Pita Pit: first green restaurant 

Diners who stop in for a bite to eat at the downtown location of Pita Pit can enjoy their meal knowing that the restaurant operates with an Earth-friendly mentality. That's because it recently became the first - and only - green certified restaurant in the entire city of Indianapolis.

The certification was awarded on March 1 by the Green Restaurant Alliance (GRA) one year after Pita Pit opened on Pennsylvania Street. The GRA is an organization trusted by food businesses and restaurants across the country. They guided Pita Pit throughout the certification process to ensure that their strict standards were met.

In some ways, it's easy for restaurants to make ecological changes. However, the process is often difficult and costly without in-depth research or a lot of background knowledge on the topic. That's where organizations like the GRA step in.

"Shortly after opening the store, I realized how much waste we had," says Travis Sealls, co-owner and operator of Pita Pit.

Being environmentally conscious, Sealls felt guilty about the excess waste and decided to do something about it.

"We started doing things on our own to decrease our carbon footprint," he explains. "We soon realized, though, that it may be a good idea to consult with GRA in order to maximize our efforts."

Pita Pit began the transition from wasteful to environmentally savvy in September of 2009. Six months later, the GRA officially dubbed them certified.

"It definitely was a very long and somewhat difficult process for us," explains Sealls. "But that makes us feel even better about it. We had to show that we were fully committed to becoming green."

In addition to switching out all their light bulbs for energy-efficient lighting, Pita Pit has implemented a full-scale recycling program, utilizes low-flow faucets to reduce water use, and uses cups, napkins and utensils crafted out of biodegradable materials.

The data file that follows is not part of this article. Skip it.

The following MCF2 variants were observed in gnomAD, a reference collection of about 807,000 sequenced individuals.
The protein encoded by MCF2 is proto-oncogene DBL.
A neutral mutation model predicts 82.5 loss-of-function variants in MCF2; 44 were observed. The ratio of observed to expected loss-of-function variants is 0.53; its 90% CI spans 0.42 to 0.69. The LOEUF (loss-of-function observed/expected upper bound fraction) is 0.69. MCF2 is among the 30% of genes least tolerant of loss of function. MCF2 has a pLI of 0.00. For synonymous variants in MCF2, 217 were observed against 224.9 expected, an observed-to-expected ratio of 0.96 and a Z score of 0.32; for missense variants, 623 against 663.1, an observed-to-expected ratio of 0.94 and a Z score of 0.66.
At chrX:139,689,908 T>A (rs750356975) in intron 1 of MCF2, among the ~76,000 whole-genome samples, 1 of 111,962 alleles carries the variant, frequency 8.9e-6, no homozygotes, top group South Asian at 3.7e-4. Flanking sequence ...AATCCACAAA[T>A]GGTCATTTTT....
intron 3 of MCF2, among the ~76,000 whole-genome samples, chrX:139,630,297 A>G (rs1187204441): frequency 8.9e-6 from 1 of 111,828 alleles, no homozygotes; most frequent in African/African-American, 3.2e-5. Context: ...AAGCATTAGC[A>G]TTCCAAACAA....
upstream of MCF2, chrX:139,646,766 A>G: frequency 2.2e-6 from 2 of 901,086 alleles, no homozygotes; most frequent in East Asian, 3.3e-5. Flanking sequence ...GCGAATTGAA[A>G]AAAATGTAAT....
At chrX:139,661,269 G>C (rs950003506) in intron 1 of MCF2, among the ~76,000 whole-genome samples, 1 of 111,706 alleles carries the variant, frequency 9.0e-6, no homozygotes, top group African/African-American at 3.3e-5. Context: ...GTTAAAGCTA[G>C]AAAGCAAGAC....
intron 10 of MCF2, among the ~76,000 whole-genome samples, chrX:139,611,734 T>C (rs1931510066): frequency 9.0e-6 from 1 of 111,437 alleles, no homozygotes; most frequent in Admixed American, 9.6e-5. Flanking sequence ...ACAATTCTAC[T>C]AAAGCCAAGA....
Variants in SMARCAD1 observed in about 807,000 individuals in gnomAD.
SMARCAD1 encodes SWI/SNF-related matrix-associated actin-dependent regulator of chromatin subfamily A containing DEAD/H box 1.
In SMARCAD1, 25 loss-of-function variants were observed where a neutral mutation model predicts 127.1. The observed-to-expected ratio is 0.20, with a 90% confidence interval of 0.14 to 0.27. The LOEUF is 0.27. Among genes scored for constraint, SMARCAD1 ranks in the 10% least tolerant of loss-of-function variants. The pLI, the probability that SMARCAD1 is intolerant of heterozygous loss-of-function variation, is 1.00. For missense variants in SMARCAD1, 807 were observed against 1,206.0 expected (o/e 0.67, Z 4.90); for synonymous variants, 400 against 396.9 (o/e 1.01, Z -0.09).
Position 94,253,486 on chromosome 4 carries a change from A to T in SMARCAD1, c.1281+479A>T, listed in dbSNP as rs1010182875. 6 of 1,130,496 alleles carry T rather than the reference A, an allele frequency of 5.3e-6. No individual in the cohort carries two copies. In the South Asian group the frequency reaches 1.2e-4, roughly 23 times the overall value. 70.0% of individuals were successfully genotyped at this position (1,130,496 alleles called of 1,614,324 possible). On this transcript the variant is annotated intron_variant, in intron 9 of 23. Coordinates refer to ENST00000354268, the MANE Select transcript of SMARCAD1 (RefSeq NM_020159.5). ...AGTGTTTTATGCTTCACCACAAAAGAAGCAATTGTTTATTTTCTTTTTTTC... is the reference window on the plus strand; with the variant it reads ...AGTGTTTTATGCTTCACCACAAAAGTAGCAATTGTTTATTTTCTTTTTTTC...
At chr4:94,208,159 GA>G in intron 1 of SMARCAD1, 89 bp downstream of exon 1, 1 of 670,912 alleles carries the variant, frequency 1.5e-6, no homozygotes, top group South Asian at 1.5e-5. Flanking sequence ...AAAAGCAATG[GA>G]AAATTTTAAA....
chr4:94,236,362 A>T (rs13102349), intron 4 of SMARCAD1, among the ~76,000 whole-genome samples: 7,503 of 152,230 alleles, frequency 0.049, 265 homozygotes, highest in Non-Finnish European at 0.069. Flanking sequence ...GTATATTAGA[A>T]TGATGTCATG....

All these efforts, says Sealls, have made a noticeable difference.

"After a week I was blown away by the difference we were making," he says. "For example, we used to do four to five bags of trash every single day. Now we're down to half a bag to one bag per day."

Pita Pit hopes to make even more environmentally-friendly changes over the next few years. One item on their agenda includes implementing a composting program to help reduce food waste. The GRA plans to assist through that process and any other changes they hope to make.

"They have made great strides toward becoming more environmentally sustainable," says Michael Oshman, GRA's executive director. "We look forward to helping them make more changes in years to come."

As for the food, Pita Pit still serves up fresh and healthy options for diners searching for an alternative to greasy fast food. Some of their classic pita's include the Falafel pita with rolled chickpeas and spices ($5.99) and the Philly Steak stuffed with thinly sliced steak ($6.59).

Their extensive menu also allows customers to create their own pita's with whatever type of toppings, meats, veggies, cheeses and sauces they want.

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